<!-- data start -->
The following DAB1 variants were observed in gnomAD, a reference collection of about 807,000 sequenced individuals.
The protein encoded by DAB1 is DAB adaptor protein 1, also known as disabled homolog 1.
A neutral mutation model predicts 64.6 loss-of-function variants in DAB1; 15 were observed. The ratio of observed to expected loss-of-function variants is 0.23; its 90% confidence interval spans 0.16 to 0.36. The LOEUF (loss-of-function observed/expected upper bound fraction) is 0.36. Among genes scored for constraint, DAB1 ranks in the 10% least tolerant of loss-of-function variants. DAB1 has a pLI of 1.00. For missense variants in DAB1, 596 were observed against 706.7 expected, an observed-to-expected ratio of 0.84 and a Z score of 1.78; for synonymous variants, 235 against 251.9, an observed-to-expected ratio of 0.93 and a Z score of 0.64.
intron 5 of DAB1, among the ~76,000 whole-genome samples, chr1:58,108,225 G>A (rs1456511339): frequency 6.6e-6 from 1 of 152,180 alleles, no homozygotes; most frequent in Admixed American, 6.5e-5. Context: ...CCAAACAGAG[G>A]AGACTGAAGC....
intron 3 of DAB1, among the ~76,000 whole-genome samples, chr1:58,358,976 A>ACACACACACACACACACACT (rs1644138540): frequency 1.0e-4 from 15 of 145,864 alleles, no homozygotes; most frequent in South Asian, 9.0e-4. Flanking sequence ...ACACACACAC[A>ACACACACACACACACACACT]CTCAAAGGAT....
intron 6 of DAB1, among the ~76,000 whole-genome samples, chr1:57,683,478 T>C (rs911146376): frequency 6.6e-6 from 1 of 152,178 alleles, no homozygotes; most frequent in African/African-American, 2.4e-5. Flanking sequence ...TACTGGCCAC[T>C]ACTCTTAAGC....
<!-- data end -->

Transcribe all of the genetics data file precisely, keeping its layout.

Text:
The following DAB1 variants were observed in gnomAD, a reference collection of about 807,000 sequenced individuals.
The protein encoded by DAB1 is DAB adaptor protein 1, also known as disabled homolog 1.
A neutral mutation model predicts 64.6 loss-of-function variants in DAB1; 15 were observed. The ratio of observed to expected loss-of-function variants is 0.23; its 90% confidence interval spans 0.16 to 0.36. The LOEUF (loss-of-function observed/expected upper bound fraction) is 0.36. Among genes scored for constraint, DAB1 ranks in the 10% least tolerant of loss-of-function variants. DAB1 has a pLI of 1.00. For missense variants in DAB1, 596 were observed against 706.7 expected, an observed-to-expected ratio of 0.84 and a Z score of 1.78; for synonymous variants, 235 against 251.9, an observed-to-expected ratio of 0.93 and a Z score of 0.64.
intron 5 of DAB1, among the ~76,000 whole-genome samples, chr1:58,108,225 G>A (rs1456511339): frequency 6.6e-6 from 1 of 152,180 alleles, no homozygotes; most frequent in Admixed American, 6.5e-5. Context: ...CCAAACAGAG[G>A]AGACTGAAGC....
intron 3 of DAB1, among the ~76,000 whole-genome samples, chr1:58,358,976 A>ACACACACACACACACACACT (rs1644138540): frequency 1.0e-4 from 15 of 145,864 alleles, no homozygotes; most frequent in South Asian, 9.0e-4. Flanking sequence ...ACACACACAC[A>ACACACACACACACACACACT]CTCAAAGGAT....
intron 6 of DAB1, among the ~76,000 whole-genome samples, chr1:57,683,478 T>C (rs911146376): frequency 6.6e-6 from 1 of 152,178 alleles, no homozygotes; most frequent in African/African-American, 2.4e-5. Flanking sequence ...TACTGGCCAC[T>C]ACTCTTAAGC....